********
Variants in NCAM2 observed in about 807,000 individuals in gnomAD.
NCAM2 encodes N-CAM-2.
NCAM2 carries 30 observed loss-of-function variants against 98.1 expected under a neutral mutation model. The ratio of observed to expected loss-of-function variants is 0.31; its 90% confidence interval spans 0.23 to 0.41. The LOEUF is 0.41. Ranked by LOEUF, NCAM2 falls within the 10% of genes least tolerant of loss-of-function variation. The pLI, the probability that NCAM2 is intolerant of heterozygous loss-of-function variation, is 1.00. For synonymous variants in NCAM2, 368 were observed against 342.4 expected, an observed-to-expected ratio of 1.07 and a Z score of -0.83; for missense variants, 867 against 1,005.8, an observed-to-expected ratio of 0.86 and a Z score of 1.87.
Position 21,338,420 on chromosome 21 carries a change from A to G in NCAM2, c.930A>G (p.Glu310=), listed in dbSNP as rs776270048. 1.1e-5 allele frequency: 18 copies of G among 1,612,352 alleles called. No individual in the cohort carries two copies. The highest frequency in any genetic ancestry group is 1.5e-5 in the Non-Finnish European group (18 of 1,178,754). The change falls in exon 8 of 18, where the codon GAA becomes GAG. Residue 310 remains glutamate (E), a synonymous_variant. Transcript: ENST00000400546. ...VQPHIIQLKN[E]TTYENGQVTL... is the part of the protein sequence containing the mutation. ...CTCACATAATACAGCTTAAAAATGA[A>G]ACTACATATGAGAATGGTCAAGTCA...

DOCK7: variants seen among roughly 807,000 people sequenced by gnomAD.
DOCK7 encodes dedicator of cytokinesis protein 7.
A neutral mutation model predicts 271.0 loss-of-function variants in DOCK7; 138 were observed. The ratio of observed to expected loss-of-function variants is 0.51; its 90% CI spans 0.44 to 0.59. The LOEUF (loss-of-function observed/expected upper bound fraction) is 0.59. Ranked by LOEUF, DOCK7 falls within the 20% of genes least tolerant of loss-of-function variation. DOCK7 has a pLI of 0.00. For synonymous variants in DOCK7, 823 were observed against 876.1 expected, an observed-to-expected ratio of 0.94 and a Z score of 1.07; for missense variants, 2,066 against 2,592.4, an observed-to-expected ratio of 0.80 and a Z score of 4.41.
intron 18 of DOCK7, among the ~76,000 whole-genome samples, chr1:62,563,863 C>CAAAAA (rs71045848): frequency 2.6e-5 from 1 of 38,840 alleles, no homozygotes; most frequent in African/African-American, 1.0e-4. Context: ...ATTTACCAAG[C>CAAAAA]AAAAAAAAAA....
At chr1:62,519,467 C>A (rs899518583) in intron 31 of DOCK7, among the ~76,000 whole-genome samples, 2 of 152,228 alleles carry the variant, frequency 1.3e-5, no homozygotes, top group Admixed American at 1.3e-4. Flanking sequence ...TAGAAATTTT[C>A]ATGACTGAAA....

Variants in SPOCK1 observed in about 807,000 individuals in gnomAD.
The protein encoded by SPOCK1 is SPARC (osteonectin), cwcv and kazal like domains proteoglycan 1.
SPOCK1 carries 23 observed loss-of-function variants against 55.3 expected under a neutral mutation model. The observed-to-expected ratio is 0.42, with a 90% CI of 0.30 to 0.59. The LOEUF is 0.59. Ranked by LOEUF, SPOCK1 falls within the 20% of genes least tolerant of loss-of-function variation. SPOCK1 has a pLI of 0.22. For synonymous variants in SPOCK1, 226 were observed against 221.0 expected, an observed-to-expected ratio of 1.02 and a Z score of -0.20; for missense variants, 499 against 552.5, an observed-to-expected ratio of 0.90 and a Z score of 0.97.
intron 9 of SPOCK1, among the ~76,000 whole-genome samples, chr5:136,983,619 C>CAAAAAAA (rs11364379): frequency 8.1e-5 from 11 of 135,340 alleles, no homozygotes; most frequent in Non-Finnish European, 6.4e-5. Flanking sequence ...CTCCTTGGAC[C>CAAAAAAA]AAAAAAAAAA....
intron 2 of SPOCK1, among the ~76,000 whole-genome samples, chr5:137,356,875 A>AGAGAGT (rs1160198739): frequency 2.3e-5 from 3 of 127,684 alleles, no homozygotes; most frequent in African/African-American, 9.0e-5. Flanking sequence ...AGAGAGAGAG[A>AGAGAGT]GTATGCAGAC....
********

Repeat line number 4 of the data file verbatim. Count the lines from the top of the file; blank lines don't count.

Position 21,338,420 on chromosome 21 carries a change from A to G in NCAM2, c.930A>G (p.Glu310=), listed in dbSNP as rs776270048. 1.1e-5 allele frequency: 18 copies of G among 1,612,352 alleles called. No individual in the cohort carries two copies. The highest frequency in any genetic ancestry group is 1.5e-5 in the Non-Finnish European group (18 of 1,178,754). The change falls in exon 8 of 18, where the codon GAA becomes GAG. Residue 310 remains glutamate (E), a synonymous_variant. Transcript: ENST00000400546. ...VQPHIIQLKN[E]TTYENGQVTL... is the part of the protein sequence containing the mutation. ...CTCACATAATACAGCTTAAAAATGA[A>G]ACTACATATGAGAATGGTCAAGTCA...